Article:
The deal with Oscar nominations
In the days leading up to the release of the Oscar nominations for the 80th annual ceremony, no nominee was certain — except for the critical hit No Country for Old Men, released in November and directed by Joel and Ethan Coen. The film, which follows three characters chasing each other after one of them finds a suitcase of cash, is already the frontrunner for Best Picture.
But other Oscar nominations this past Tuesday were a surprise. Jason Reitman, the director of indie hit Juno, received his first nomination for Best Director on only his second film, his follow-up to Thank You for Smoking. Laura Linney, star of the family drama The Savages, also received a surprise nomination for Best Actress.
Perhaps the most surprising nomination was Tommy Lee Jones’s inclusion in the race for Best Actor for his role in the overlooked Iraq war drama In the Valley of Elah, a film penned and directed by Paul Haggis, the Oscar-winning writer-director of Crash, which won Best Picture in 2006.
Elah flopped at the box office during its early fall release, despite critical praise for Tommy Lee Jones’s portrayal of a father seeking the answer to the disappearance of his soldier son. While early Oscar buzz had pegged him a nominee, as the race heated up, many trade publications assumed the slot would go to a younger or more distinguished actor, such as previous winners Russell Crowe, Denzel Washington for American Gangster, or James McAvoy for his romantic lead in Atonement. Entertainment Weekly correctly predicted four of the Best Actor nominees but gave Jones’s slot to Ryan Gosling for Lars and the Real Girl, expecting the Mickey Mouse Club alum’s second nomination in as many years.
Carnegie Mellon alumnus Stephen Schwartz received three nominations in the Best Original Song category for the live-action Disney princess flick Enchanted, leaving only two slots for other songs — one from the Irish indie musical Once and one from the kiddie flop August Rush.
Some of the bigger surprises were for what or who didn’t receive nominations. On the day nominations were announced, the haunting score of Paul Thomas Anderson’s epic There Will Be Blood was disqualified from the Best Score race for drawing too heavily on existing compositions. Joe Wright, director of the lush period piece Atonement, didn’t receive a nomination for Best Director despite a much-talked-about five-and-a-half-minute continuous shot through a battlefield.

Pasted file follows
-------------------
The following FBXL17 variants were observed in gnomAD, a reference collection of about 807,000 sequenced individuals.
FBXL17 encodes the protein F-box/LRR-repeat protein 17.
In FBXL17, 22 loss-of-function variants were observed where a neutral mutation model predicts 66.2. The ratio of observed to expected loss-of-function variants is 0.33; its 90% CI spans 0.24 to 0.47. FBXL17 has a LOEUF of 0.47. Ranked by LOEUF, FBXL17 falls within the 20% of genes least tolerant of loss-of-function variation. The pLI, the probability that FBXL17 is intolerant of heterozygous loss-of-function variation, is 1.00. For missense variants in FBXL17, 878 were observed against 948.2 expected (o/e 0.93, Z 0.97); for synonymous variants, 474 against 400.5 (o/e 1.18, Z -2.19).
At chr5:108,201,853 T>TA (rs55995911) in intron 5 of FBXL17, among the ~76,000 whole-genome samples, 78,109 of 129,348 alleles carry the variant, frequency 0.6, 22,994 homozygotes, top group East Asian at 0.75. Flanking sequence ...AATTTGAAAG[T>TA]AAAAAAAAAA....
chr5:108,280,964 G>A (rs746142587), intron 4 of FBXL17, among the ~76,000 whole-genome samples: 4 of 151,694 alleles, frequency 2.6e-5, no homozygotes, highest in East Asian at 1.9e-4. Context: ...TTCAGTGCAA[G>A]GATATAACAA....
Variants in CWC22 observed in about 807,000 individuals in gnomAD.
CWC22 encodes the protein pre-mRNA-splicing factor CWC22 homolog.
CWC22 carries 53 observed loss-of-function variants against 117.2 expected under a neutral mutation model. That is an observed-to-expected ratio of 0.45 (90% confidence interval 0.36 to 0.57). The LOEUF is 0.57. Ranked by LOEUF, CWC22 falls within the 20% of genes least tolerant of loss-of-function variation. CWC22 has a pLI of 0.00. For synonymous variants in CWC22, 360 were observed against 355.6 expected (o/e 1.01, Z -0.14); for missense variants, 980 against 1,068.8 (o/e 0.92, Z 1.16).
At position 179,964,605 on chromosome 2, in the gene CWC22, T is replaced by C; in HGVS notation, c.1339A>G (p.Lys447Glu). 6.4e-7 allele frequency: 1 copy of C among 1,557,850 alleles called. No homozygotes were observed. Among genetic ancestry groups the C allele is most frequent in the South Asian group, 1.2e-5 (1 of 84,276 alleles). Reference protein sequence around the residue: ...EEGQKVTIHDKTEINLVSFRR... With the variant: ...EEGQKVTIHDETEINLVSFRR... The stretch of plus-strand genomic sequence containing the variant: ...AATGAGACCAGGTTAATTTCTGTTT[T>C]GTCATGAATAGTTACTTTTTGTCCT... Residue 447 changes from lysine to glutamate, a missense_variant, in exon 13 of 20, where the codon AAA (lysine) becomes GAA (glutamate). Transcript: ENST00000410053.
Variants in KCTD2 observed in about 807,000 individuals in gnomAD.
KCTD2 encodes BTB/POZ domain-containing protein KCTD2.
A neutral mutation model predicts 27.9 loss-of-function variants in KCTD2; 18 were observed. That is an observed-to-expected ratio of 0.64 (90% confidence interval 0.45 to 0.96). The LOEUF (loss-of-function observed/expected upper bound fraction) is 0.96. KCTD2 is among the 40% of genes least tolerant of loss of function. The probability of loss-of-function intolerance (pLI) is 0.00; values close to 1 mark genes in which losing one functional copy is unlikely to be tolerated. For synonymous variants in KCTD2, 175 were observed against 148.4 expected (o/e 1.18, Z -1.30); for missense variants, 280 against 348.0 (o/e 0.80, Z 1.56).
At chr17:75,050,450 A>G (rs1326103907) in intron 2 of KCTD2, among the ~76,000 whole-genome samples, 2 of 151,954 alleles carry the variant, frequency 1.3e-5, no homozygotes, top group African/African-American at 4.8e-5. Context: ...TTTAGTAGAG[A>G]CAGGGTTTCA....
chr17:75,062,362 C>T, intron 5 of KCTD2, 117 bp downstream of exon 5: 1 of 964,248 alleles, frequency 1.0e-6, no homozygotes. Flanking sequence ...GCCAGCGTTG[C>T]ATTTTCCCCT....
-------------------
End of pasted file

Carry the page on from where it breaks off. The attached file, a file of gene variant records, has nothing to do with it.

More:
Sean Penn’s directorial debut, Into the Wild, received only two nominations — one for film editing and one for 82-year-old Hal Holbrook for Best Supporting Actor. Many had expected a nomination for Penn’s direction, as well as recognition in the Adapted Screenplay category, especially since Penn has already been nominated for Best Director by the Director’s Guild of America.
In the Animated Feature race, the forgettable Surf’s Up!, featuring penguins voiced by random celebrities, edged out The Simpsons Movie for the third slot. Surf’s Up! will vie with Ratatouille and Persepolis for the Oscar.
For some, the most shocking list of nominees came in the Best Foreign Film category. There was drama even early in the selection process, when Israel’s original nominee, The Band’s Visit, was disqualified for featuring too much English. The Band’s Visit’s ineligibility was only brought to attention by people associated with the second choice, Beaufort, which then became Israel’s nominee for Foreign Film and which was nominated for the Oscar on Jan. 22. The Best Foreign Film race was also a source of controversy because it lacked films like Ang Lee’s erotic NC-17 film Lust, Caution and Cannes’ Palme d’Or winner 4 Months, 3 Weeks, and 2 Days, a Romanian film focusing on an illegal abortion. Persepolis, a nominee for Animated Film and France’s official candidate, did not receive a Foreign Film nomination, which was also surprising.
But for many, more important than the Oscar nominees was the question of whether the Oscars will even happen. The producer of the broadcast, Gil Cates, has said that the Oscars will occur in some form no matter what.
In the past week, strike blogs like Nikki Finke’s Deadline Hollywood Daily (www.deadlinehollywooddaily.com) have noted increasingly optimistic talks between the Writer’s Guild of America (WGA) and the Academy of Motion Picture and Television Producers (AMPTP). This news, on the heels of a deal between the Director’s Guild of America and the AMPTP diverting a future strike by that guild, is promising for a real Oscar ceremony featuring clips from the nominated films as well as stars. If the WGA does not arrive at a deal or interim agreement prior to the Feb. 24 telecast, they may picket the ceremony, which may cause other guilds, such as the Screen Actors Guild, to refuse to attend the Oscars if it means crossing a picket line.
However, the Academy insists the Oscars will go on with or without the stars that are, for many viewers, the big draw. There are only four acting categories among the Academy’s 27 total categories, USA Today notes, and thus the star power will certainly not affect the size of the Oscar audience if the Screen Actors Guild decides to skirt the ceremony.
But let’s not think about that. If talks stay positive, the strike shouldn’t be a problem by Feb. 24 anyway.